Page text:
Jacquilynne Gray: Lost in plain viewWednesday, October 09, 2013 by: Steffanie Petroni
Jacquilynne (Jac) Gray (seen on the left at age 4) lived the majority of her life in Sault Ste. Marie. A personality disorder went undiagnosed until the end of her life and like many she sought escape through substance abuse. Jac’s story captures her courage living with the co-occurrence of mental illness in all of its tragedies and triumphs.
SooToday.com's Steffanie Petroni sat down with Jac's mother, Donna, and brings you Jac's story as told by her mother over the course of many hours of interviews.
Three days earlier Jac had presented in emergency with an infection that was rotting her flesh.
She was rushed into surgery with the prospect of losing both of her legs at the groin.
Doctors felt that it would be the only way that they could save her life.
But it was too late.
Flesh eating disease -necrotizing fasciitis, had spread into the trunk of her body.
Instead of amputating doctors hacked hunks of flesh out of Jac’s feet, legs and buttocks in a final attempt to stop the spread of infection.
And it did for the time being.
But a confirmation of Jac having the dual diagnosis of two blood diseases, agranulocytosis and cryoglobulinemia, meant a death sentence for Jac anyway.
Turning her head to her mother she said, “Mom, I know I’m dying. I don’t believe that it’s going to be right now. But it’s going to be soon.”
Donna was grateful that Jac’s understanding about the gravity of her situation took away the burden of having to tell her child that she had just months to live.
She looked at her daughter lying on the hospital bed, rigged up with tubes.
“Well,” she paused. “With such a little bit amount of time left what is it that you want to do?”
Jac’s response surprised Donna.
She was expecting her daughter to express a need to make amends with people, spend time with her children - the typical items on any standard to-do-before-I-die-in-a-few-months checklist.
Donna was living with her husband and children in the residential part of the west end in Sault Ste. Marie.
Donna was a young mother and an intuitive one.
She loved her only daughter and sensed that something was not quite right with Jacquilynne.
As a toddler Jac demonstrated a mature ability to be able to manipulate any situation to her benefit. “And she took great pleasure out of it,” chuckled Donna.
“It was comical in a lot of ways. She could make her father and everyone smile and laugh at her antics. But there was a part of me resented it.”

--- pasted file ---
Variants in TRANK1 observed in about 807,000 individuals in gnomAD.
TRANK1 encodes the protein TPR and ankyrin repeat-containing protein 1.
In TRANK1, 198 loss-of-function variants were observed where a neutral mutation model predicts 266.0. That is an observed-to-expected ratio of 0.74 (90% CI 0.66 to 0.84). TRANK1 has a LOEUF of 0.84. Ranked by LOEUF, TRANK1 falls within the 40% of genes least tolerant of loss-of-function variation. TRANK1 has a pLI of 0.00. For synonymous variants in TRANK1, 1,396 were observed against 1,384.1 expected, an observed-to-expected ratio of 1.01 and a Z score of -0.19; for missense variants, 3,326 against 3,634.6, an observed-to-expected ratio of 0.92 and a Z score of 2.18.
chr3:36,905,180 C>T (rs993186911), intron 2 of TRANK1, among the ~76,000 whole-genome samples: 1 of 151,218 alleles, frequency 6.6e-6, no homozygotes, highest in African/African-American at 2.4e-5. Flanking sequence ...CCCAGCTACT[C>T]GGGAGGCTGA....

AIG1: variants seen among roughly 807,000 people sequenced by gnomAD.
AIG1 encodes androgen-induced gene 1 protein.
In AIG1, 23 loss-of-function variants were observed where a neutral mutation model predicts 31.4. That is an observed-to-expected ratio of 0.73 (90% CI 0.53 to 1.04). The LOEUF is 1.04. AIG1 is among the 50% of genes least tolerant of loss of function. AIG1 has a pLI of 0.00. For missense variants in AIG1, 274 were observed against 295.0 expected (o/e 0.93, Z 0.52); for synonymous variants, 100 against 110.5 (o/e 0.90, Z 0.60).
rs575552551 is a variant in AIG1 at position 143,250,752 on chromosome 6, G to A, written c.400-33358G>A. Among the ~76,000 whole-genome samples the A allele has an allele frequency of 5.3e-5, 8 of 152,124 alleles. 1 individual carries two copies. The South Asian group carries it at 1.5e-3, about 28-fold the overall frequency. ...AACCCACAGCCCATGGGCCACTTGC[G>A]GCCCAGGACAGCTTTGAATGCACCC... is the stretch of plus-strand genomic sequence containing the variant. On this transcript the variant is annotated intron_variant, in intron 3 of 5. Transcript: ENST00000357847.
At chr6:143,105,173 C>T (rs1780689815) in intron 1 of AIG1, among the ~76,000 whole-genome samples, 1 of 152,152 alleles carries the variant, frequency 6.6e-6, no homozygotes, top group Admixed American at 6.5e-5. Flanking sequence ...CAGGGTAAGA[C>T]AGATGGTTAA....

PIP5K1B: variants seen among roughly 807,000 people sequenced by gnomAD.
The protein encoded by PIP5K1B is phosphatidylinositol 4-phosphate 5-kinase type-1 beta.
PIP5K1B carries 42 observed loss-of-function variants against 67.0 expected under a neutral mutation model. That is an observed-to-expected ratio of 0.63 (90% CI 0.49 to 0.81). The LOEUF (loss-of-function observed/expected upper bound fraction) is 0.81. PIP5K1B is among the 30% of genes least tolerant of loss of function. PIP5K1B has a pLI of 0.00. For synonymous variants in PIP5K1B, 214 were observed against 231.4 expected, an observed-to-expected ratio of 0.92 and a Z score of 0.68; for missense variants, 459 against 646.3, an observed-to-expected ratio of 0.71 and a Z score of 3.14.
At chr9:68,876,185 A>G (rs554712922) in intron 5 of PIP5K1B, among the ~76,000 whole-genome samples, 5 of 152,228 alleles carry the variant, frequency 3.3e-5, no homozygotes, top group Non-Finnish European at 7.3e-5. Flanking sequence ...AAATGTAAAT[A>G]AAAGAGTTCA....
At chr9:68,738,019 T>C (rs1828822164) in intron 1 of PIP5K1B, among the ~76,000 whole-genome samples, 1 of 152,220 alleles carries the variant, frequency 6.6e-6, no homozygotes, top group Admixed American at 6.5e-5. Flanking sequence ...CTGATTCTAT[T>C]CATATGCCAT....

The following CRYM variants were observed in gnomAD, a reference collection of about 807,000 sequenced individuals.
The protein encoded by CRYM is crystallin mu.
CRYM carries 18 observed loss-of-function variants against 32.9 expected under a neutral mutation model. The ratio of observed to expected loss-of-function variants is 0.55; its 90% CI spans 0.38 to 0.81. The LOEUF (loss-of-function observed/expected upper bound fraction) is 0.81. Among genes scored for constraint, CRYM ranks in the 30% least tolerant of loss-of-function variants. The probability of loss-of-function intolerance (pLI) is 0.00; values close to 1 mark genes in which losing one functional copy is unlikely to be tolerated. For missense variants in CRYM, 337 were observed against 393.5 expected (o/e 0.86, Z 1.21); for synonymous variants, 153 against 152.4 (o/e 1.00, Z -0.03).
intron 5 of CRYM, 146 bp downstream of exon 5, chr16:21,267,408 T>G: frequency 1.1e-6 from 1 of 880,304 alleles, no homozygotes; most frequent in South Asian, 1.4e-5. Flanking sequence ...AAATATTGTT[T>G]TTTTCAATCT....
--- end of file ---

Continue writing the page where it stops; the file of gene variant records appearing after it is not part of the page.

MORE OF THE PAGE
It wasn’t jealousy that drove Donna’s resentment. It was sadness.
“I was always labeled the disciplinarian. I was calling the consequences for her misbehaviours rather than being the one who could laugh at it. It put a separation between me and Jac that I didn’t really want there.”
(Shown above, Donna in her early twenties.)
When Jac grew older so did Donna’s concern grow for her daughter’s unusual behaviour. “I struggled to portray to doctors that Jac could say the right words, the right phrases and give the right emotion at the proper time but knew that it was acted out. I knew that Jac wasn’t really feeling it.”
Donna sought the support of local social workers but got nowhere.
It wasn’t until she had left the Sault and her marriage that she was finally able to have her five year old daughter referred to a psychologist.
However, Donna was told that her expectations of Jac were unrealistic and in fact she was the problem.
Being the young mother that she was the doctor advised that she should learn some new parenting techniques.
The finger pointing at her twenty-two year old mother shifted the focus from the little girl’s need for a diagnosis and early intervention.
Donna’s observation of her daughter’s lack of ability to show remorse, her ability to charm, feigning of emotions and indifference to the consequences of her behaviour were all early indications of a personality disorder.
(Shown right is Jac at her grade 8 graduation)
However, this life changing diagnosis didn’t come for Jac until she was just weeks away from her death.
Though Jac was at the end of her life the diagnosis provided some comfort in understanding why she was always so conflicted when trying to not do the wrong thing.
For Donna the diagnosis was a confirmation of what she had always suspected.
But the knowledge was bittersweet.
Instead, entering puberty, Jac turned to a popular option amongst the ‘missed’ or undiagnosed of those with co-occuring disorders of mental illness and addiction - self-medication.
Not understanding why she was different and why it was so difficult for her to live within societies expectations served to provide Jac with bouts of depression and anxiety which led her to seek relief through intravenous substance abuse.
More so, the loneliness she felt in a world that she didn’t understand and that didn’t understand her back drove her to the bosom of a sub-culture that offered her a redefined code of conduct.
Her inability to feel remorse, to not be swayed by popular conscience and a physical addiction to opioids plagued her until her sun set, one final time a year ago in late August.
She was thirty-four years old.